“In the meantime, the school’s focus continues to be on teaching and learning and ensuring that our students are as prepared as possible for their upcoming assessments and examinations.”

A woman is due to appear in Blenheim court charged with unlawful sexual connection on 23 September.

Renwick School pupil Hugo Foote, 8, is excited for the imminent arrival of several chicks. Photo: Paula Hulburt.

Raising chicken champions

Brother and sister Hugo and Greta Foote are getting ready for some new arrivals.

Renwick School pupils Hugo, 8, and Greta, 6, are getting ready for Pet Day as orders open to buy potential champions.

And the imminent arrival of eight new, fluffy additions to the household has the pair very excited.

“They’re very fluffy and very yellow and like to keep warm in front of the fire,” says Greta.

It will be Greta’s second time helping rear day-old Brown Shaver chicks in preparation to show them at the school’s annual Pet Day.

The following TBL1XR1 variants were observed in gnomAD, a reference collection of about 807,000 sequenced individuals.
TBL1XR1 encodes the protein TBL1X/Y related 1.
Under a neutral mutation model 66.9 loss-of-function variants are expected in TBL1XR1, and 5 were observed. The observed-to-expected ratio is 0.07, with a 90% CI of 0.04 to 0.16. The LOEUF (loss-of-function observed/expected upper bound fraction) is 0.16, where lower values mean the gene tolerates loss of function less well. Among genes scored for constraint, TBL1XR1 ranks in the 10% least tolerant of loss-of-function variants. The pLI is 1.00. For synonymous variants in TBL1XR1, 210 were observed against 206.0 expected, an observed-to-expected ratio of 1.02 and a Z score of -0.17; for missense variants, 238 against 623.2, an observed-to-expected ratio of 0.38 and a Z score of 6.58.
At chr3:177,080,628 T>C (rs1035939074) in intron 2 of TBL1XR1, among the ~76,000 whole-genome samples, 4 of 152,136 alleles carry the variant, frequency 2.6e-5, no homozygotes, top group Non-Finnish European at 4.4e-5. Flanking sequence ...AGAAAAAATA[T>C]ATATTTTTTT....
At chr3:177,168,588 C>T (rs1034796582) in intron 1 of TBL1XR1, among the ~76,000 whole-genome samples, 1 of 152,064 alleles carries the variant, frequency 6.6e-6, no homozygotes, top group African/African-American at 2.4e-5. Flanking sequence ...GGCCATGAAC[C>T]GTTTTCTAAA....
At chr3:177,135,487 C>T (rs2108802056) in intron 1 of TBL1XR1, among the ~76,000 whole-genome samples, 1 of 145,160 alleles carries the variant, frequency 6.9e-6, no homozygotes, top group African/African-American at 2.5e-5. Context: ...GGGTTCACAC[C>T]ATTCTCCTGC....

Outside on the family’s half-acre section, the clucking of past competitors can be heard.

Greta Foote, 6, holds one of her feathered friends which she helped raise from a chick last year. Photo: Paula Hulburt.
Greta Foote, 6, holds one of her feathered friends which she helped raise from a chick last year. Photo: Paula Hulburt.

The family keep all the chicks that make it to adulthood.

Every year schools across Marlborough get the chance to buy 4 chicks for $26.

The goal is to teach children care, compassion and the dedication needed to keep an animal alive.

For Hugo, this year will be his fourth time taking part.

“I’ll take them to Pet Day and hopefully get a place to go on and show them again.

“They love to eat chick crumble,” he says.

Due to hatch in early September, the chicks spend their first few days in a cage near the fire with an all-important heat lamp to keep them warm.

The children complete a daily diary and log the chicks’ weight regularly.

As the chicks grow, they get plenty of room to roam says mum Renee Foote.

“It’s great for the children to have the responsibility and realise that a lot of effort goes in to making sure they survive,” she says.

Dad, David Foote, who grew up on a farm, says he clips the hen’s wings before they get to enjoy their new home in the great outdoors.

“It’s a great learning curve for the kids,” he says.

After Pet Day at individual schools, children can enter their chicks at regional events before going on to show them at Marlborough’s A & P show.